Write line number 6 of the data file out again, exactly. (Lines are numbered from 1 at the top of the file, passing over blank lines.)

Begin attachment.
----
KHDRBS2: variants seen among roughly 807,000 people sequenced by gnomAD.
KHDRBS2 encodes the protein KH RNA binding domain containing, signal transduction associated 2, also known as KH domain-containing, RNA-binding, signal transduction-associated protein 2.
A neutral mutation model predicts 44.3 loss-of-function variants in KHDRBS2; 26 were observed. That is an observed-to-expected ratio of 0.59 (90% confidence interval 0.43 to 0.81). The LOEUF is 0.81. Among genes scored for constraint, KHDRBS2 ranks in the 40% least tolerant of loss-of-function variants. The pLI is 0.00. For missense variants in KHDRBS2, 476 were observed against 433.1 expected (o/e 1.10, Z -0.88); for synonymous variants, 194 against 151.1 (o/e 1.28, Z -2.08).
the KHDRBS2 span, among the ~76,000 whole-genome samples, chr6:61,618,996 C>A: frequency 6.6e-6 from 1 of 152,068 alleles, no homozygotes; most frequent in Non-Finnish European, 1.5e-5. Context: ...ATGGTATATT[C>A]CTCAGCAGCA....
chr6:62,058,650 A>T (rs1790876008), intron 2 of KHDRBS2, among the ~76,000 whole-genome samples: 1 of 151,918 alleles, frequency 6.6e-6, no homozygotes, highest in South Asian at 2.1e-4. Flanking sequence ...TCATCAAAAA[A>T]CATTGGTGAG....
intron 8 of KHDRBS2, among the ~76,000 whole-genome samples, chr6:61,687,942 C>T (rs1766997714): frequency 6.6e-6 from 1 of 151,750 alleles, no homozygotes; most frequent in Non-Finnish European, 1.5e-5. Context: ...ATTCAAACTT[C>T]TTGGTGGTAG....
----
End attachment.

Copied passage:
intron 8 of KHDRBS2, among the ~76,000 whole-genome samples, chr6:61,687,942 C>T (rs1766997714): frequency 6.6e-6 from 1 of 151,750 alleles, no homozygotes; most frequent in Non-Finnish European, 1.5e-5. Context: ...ATTCAAACTT[C>T]TTGGTGGTAG....